(Reuters) - A former employee of chemicals firm Chemours Co has pleaded guilty to a U.S. charge that he conspired to steal trade secrets related to its lucrative sodium cyanide business and sell them to Chinese investors, federal prosecutors said on Tuesday.
Jerry Jindong Xu, who moved from China in 2011 and was employed by DuPont before the U.S. conglomerate spun off Chemours in 2015, entered his plea on Friday in federal court in Wilmington, Delaware, prosecutors said.
As part of a plea deal, prosecutors agreed to recommend a sentence of no more than one year in prison for Xu, who has remained in custody since his arrest in August and would receive credit for the time he has already served.
Xu pleaded guilty to one count of conspiracy to steal trade secrets. Caroline Cinquanto, his lawyer, said she expected Xu, a Canadian citizen, would receive a sentence of time served when he is sentenced on June 27.
“He has taken responsibility for his actions and is looking forward to rejoining his wife and children in Canada,” she said.
Xu, 48, was arrested last year amid heightened concern by U.S. authorities about the theft by Chinese of U.S. companies’ trade secrets.
According to the indictment, Wilmington-based Chemours is the world’s largest producer of sodium cyanide, a chemical used to mine gold, silver and other precious metals.
Prosecutors said Xu had worked for DuPont since 2004 and was involved in marketing sodium cyanide-based products. He was terminated by Chemours in 2016, prosecutors said.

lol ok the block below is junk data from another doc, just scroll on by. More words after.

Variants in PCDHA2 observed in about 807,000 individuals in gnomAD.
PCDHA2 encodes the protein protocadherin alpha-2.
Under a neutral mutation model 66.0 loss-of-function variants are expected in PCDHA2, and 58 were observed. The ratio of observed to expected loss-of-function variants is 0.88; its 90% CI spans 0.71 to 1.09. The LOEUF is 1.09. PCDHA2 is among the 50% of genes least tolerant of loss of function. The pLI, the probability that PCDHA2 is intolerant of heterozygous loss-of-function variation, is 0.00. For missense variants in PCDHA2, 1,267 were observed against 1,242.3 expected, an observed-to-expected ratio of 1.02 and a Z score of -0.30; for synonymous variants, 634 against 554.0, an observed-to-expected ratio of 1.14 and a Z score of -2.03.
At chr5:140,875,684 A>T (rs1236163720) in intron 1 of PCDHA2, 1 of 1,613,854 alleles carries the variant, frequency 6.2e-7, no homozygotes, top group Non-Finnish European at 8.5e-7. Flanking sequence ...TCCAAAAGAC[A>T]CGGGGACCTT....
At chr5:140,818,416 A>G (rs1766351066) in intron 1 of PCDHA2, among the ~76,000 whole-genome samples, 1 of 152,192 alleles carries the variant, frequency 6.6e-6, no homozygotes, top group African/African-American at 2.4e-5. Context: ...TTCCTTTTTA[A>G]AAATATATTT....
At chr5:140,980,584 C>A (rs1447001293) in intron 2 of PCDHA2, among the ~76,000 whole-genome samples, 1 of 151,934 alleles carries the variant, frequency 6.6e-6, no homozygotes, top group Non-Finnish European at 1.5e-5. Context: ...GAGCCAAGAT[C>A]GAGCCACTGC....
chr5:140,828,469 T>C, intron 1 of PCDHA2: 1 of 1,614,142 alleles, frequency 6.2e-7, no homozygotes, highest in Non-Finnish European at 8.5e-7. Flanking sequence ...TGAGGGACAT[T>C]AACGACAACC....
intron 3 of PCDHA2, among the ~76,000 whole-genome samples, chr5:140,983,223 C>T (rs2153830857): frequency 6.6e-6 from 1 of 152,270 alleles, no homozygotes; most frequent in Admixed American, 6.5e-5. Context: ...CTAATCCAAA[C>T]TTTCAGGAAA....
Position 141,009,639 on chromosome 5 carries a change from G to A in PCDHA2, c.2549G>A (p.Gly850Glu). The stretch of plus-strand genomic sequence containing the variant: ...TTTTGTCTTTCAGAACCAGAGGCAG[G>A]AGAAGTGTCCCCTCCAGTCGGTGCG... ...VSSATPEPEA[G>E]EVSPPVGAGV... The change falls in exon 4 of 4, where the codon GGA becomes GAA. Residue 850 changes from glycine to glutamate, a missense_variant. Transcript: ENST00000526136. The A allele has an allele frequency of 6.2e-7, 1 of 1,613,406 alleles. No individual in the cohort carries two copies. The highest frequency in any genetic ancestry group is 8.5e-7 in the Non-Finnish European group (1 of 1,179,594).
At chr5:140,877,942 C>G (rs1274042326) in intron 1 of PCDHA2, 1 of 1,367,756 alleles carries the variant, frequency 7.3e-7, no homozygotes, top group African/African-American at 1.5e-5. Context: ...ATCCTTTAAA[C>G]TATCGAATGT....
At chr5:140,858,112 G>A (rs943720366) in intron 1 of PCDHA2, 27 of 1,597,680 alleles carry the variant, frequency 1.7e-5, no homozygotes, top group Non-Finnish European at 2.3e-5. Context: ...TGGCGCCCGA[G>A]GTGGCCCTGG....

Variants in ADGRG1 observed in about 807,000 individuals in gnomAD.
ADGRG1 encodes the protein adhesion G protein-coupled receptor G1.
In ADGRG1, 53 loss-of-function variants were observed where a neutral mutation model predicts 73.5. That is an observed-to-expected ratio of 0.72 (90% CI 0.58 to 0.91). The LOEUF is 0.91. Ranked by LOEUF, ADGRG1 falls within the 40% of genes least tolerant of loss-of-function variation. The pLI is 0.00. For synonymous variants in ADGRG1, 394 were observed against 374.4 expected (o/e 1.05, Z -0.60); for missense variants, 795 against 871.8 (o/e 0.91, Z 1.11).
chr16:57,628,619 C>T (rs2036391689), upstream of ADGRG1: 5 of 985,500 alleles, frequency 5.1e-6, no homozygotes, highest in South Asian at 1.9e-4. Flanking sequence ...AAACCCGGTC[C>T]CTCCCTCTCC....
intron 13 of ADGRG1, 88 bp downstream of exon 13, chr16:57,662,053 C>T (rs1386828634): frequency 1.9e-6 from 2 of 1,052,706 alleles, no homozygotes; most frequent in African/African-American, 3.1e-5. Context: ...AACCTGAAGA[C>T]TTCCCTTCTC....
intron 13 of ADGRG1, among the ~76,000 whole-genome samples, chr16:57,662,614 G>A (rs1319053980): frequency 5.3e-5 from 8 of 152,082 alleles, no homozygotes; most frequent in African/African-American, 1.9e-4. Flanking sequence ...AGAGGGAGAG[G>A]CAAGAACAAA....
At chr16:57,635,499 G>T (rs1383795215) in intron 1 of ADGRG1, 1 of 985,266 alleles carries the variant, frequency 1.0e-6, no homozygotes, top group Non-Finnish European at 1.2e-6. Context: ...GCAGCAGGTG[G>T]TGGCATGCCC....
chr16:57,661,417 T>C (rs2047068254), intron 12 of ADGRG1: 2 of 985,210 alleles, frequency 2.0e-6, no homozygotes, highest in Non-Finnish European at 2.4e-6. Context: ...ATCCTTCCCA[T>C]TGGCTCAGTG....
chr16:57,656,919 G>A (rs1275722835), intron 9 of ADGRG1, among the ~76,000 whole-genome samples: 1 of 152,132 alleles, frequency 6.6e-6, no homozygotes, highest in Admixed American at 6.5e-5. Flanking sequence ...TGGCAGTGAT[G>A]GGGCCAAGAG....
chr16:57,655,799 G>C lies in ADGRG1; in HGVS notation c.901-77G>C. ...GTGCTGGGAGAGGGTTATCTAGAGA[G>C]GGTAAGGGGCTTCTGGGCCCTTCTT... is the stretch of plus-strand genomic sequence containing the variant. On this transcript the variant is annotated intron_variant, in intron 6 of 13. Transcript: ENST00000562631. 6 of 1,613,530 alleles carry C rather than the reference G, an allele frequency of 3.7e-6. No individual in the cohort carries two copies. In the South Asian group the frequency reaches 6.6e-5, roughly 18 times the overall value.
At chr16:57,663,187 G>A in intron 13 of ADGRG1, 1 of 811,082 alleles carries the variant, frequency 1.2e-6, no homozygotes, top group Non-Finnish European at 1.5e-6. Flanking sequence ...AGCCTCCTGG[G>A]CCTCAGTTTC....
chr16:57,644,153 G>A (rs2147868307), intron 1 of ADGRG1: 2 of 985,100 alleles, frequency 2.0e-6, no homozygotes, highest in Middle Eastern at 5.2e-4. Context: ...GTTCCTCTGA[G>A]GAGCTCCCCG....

The indictment accused Xu of using his position with Chemours to obtain trade secrets and confidential information, including reports and spreadsheets regarding three different company projects related to cyanide plants and facilities.
Prosecutors said his main goal was to either help investors build a competing sodium cyanide plant or become an import competitor.
He told one potential investor that he wanted to do the project “for himself and not to slave away at this only to benefit someone else,” prosecutors said.
Prosecutors said he conducted the scheme with the help of an unidentified longtime former DuPont employee who had left in 2014. They said that during the scheme, he accessed Chemours documents and secretly took pictures of plant system diagrams.
The case is U.S. v. Xu, U.S. District Court, District of Delaware, No. 17-cr-00063.
Reporting by Nate Raymond in Boston, Editing by Rosalba O'Brien